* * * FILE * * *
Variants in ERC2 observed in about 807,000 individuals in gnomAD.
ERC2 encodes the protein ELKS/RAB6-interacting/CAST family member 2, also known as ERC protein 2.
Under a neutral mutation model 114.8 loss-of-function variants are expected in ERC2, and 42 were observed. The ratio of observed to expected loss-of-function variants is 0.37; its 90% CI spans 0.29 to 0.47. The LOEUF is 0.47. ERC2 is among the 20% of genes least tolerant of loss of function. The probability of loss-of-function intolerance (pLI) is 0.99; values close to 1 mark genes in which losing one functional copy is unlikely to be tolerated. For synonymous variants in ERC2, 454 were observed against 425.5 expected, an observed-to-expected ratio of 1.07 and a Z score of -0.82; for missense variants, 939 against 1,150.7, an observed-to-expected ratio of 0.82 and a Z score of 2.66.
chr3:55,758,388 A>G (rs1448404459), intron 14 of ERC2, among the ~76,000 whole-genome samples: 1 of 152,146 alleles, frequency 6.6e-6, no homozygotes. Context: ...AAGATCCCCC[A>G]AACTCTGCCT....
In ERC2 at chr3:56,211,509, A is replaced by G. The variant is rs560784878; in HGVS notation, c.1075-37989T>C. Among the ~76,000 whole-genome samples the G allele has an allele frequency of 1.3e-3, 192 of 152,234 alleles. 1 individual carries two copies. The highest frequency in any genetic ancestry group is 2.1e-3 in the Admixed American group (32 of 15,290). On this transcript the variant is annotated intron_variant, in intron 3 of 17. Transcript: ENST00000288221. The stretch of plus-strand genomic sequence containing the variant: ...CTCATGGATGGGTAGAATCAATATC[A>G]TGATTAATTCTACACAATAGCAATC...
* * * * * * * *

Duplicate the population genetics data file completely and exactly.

Variants in ERC2 observed in about 807,000 individuals in gnomAD.
ERC2 encodes the protein ELKS/RAB6-interacting/CAST family member 2, also known as ERC protein 2.
Under a neutral mutation model 114.8 loss-of-function variants are expected in ERC2, and 42 were observed. The ratio of observed to expected loss-of-function variants is 0.37; its 90% CI spans 0.29 to 0.47. The LOEUF is 0.47. ERC2 is among the 20% of genes least tolerant of loss of function. The probability of loss-of-function intolerance (pLI) is 0.99; values close to 1 mark genes in which losing one functional copy is unlikely to be tolerated. For synonymous variants in ERC2, 454 were observed against 425.5 expected, an observed-to-expected ratio of 1.07 and a Z score of -0.82; for missense variants, 939 against 1,150.7, an observed-to-expected ratio of 0.82 and a Z score of 2.66.
chr3:55,758,388 A>G (rs1448404459), intron 14 of ERC2, among the ~76,000 whole-genome samples: 1 of 152,146 alleles, frequency 6.6e-6, no homozygotes. Context: ...AAGATCCCCC[A>G]AACTCTGCCT....
In ERC2 at chr3:56,211,509, A is replaced by G. The variant is rs560784878; in HGVS notation, c.1075-37989T>C. Among the ~76,000 whole-genome samples the G allele has an allele frequency of 1.3e-3, 192 of 152,234 alleles. 1 individual carries two copies. The highest frequency in any genetic ancestry group is 2.1e-3 in the Admixed American group (32 of 15,290). On this transcript the variant is annotated intron_variant, in intron 3 of 17. Transcript: ENST00000288221. The stretch of plus-strand genomic sequence containing the variant: ...CTCATGGATGGGTAGAATCAATATC[A>G]TGATTAATTCTACACAATAGCAATC...